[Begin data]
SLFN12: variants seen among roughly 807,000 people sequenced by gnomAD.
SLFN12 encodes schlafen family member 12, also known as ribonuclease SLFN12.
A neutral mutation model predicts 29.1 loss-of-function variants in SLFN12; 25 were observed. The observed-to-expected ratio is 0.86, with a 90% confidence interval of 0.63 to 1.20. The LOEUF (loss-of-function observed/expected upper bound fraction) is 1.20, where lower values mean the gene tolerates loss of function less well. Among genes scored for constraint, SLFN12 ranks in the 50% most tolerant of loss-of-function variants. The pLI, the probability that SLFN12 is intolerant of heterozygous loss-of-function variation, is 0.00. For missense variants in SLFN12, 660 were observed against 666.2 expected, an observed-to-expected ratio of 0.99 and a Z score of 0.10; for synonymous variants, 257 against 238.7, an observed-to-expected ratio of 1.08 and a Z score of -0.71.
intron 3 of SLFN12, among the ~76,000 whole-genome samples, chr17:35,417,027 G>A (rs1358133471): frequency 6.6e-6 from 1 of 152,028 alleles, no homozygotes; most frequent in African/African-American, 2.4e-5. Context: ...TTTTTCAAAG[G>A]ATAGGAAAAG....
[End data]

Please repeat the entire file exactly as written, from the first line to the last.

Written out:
SLFN12: variants seen among roughly 807,000 people sequenced by gnomAD.
SLFN12 encodes schlafen family member 12, also known as ribonuclease SLFN12.
A neutral mutation model predicts 29.1 loss-of-function variants in SLFN12; 25 were observed. The observed-to-expected ratio is 0.86, with a 90% confidence interval of 0.63 to 1.20. The LOEUF (loss-of-function observed/expected upper bound fraction) is 1.20, where lower values mean the gene tolerates loss of function less well. Among genes scored for constraint, SLFN12 ranks in the 50% most tolerant of loss-of-function variants. The pLI, the probability that SLFN12 is intolerant of heterozygous loss-of-function variation, is 0.00. For missense variants in SLFN12, 660 were observed against 666.2 expected, an observed-to-expected ratio of 0.99 and a Z score of 0.10; for synonymous variants, 257 against 238.7, an observed-to-expected ratio of 1.08 and a Z score of -0.71.
intron 3 of SLFN12, among the ~76,000 whole-genome samples, chr17:35,417,027 G>A (rs1358133471): frequency 6.6e-6 from 1 of 152,028 alleles, no homozygotes; most frequent in African/African-American, 2.4e-5. Context: ...TTTTTCAAAG[G>A]ATAGGAAAAG....